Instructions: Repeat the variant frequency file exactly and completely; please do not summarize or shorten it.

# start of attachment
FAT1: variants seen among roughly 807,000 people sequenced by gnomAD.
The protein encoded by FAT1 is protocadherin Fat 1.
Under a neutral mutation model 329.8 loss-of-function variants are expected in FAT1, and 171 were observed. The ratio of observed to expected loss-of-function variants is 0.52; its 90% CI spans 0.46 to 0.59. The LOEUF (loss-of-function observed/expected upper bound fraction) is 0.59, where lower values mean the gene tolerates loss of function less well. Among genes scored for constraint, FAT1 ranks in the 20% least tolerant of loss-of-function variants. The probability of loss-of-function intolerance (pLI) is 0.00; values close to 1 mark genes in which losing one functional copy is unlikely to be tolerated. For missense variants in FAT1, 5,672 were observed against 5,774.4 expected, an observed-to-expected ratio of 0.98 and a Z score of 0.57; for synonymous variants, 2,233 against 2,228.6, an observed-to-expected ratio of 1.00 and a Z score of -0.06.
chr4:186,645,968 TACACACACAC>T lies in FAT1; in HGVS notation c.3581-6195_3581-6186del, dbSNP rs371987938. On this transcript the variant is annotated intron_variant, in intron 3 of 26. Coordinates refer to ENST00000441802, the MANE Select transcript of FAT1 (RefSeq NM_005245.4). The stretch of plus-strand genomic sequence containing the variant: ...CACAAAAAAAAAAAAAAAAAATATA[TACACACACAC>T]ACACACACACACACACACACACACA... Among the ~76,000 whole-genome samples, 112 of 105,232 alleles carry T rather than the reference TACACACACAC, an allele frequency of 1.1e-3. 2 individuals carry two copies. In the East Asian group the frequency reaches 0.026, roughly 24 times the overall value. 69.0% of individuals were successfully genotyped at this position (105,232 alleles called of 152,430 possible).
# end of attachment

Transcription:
FAT1: variants seen among roughly 807,000 people sequenced by gnomAD.
The protein encoded by FAT1 is protocadherin Fat 1.
Under a neutral mutation model 329.8 loss-of-function variants are expected in FAT1, and 171 were observed. The ratio of observed to expected loss-of-function variants is 0.52; its 90% CI spans 0.46 to 0.59. The LOEUF (loss-of-function observed/expected upper bound fraction) is 0.59, where lower values mean the gene tolerates loss of function less well. Among genes scored for constraint, FAT1 ranks in the 20% least tolerant of loss-of-function variants. The probability of loss-of-function intolerance (pLI) is 0.00; values close to 1 mark genes in which losing one functional copy is unlikely to be tolerated. For missense variants in FAT1, 5,672 were observed against 5,774.4 expected, an observed-to-expected ratio of 0.98 and a Z score of 0.57; for synonymous variants, 2,233 against 2,228.6, an observed-to-expected ratio of 1.00 and a Z score of -0.06.
chr4:186,645,968 TACACACACAC>T lies in FAT1; in HGVS notation c.3581-6195_3581-6186del, dbSNP rs371987938. On this transcript the variant is annotated intron_variant, in intron 3 of 26. Coordinates refer to ENST00000441802, the MANE Select transcript of FAT1 (RefSeq NM_005245.4). The stretch of plus-strand genomic sequence containing the variant: ...CACAAAAAAAAAAAAAAAAAATATA[TACACACACAC>T]ACACACACACACACACACACACACA... Among the ~76,000 whole-genome samples, 112 of 105,232 alleles carry T rather than the reference TACACACACAC, an allele frequency of 1.1e-3. 2 individuals carry two copies. In the East Asian group the frequency reaches 0.026, roughly 24 times the overall value. 69.0% of individuals were successfully genotyped at this position (105,232 alleles called of 152,430 possible).